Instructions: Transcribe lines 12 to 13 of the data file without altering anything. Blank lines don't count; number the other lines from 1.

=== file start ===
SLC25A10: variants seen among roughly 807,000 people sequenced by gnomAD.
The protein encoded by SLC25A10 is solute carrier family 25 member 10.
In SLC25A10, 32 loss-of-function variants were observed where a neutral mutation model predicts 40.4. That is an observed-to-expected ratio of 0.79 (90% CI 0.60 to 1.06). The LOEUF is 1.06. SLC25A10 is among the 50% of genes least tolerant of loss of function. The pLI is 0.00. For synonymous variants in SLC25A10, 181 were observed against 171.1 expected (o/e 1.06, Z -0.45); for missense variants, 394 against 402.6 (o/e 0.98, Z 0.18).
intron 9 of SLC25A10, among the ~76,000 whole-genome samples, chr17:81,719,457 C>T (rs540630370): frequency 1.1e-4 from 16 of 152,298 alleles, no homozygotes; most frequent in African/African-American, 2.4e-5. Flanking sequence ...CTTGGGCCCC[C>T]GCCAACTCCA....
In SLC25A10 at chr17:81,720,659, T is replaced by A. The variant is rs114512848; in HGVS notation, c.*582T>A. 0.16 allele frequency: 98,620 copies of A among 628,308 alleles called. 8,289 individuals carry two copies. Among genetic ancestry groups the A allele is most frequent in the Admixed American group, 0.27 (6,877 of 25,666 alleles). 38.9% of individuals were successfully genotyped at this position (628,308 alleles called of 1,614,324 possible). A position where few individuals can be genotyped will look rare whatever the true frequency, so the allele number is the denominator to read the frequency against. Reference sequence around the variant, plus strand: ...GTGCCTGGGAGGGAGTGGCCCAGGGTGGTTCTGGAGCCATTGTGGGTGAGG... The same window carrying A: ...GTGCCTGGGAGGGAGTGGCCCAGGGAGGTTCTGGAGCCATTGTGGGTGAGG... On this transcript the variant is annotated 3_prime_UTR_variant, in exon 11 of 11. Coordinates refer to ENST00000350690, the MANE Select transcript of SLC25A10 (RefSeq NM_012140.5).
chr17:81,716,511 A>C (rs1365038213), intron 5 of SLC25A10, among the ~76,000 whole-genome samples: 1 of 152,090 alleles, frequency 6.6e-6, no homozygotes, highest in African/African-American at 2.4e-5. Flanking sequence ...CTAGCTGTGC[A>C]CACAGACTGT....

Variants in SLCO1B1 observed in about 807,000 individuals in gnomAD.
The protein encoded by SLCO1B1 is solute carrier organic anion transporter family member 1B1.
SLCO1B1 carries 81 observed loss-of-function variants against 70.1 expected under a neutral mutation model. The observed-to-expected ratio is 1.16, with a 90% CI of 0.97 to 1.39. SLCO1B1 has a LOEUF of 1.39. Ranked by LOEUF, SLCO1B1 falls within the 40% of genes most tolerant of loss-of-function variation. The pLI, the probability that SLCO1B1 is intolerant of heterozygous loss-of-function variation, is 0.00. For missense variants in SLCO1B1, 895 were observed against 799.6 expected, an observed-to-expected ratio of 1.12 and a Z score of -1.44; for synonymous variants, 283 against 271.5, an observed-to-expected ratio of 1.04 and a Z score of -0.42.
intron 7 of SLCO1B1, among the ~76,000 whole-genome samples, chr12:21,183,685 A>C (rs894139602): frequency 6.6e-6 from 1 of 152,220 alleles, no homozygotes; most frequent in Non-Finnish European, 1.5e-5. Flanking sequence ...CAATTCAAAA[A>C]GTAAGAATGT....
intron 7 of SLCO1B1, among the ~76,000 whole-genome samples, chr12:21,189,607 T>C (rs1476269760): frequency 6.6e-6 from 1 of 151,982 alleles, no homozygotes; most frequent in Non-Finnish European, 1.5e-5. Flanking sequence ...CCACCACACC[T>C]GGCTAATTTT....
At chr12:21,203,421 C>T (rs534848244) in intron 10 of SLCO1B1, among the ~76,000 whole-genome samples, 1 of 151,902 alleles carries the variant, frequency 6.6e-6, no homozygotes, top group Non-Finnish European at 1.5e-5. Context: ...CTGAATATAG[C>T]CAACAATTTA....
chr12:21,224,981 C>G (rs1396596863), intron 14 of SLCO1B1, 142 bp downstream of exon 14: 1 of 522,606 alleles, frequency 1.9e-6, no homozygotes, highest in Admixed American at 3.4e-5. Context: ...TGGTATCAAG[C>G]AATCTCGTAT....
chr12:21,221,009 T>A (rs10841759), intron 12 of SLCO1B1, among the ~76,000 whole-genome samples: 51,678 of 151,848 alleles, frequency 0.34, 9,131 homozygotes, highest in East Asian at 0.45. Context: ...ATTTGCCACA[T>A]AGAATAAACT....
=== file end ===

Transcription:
At chr12:21,203,421 C>T (rs534848244) in intron 10 of SLCO1B1, among the ~76,000 whole-genome samples, 1 of 151,902 alleles carries the variant, frequency 6.6e-6, no homozygotes, top group Non-Finnish European at 1.5e-5. Context: ...CTGAATATAG[C>T]CAACAATTTA....
chr12:21,224,981 C>G (rs1396596863), intron 14 of SLCO1B1, 142 bp downstream of exon 14: 1 of 522,606 alleles, frequency 1.9e-6, no homozygotes, highest in Admixed American at 3.4e-5. Context: ...TGGTATCAAG[C>G]AATCTCGTAT....